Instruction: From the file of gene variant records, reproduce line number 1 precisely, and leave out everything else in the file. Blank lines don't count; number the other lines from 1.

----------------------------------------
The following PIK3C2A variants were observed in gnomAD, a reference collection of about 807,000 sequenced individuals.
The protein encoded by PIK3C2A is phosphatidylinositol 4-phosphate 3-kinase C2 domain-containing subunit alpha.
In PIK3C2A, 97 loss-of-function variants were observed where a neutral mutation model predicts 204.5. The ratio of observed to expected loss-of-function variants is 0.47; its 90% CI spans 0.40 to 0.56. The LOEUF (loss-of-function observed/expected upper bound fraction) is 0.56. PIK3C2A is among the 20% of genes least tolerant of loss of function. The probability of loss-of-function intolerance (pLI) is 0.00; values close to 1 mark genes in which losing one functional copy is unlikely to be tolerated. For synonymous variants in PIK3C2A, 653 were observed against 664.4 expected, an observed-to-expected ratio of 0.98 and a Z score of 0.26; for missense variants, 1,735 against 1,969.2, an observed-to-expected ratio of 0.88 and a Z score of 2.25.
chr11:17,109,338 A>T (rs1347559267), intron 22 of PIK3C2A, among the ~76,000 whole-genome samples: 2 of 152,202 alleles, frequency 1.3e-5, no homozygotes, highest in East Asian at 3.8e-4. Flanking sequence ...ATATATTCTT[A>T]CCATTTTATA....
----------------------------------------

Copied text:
The following PIK3C2A variants were observed in gnomAD, a reference collection of about 807,000 sequenced individuals.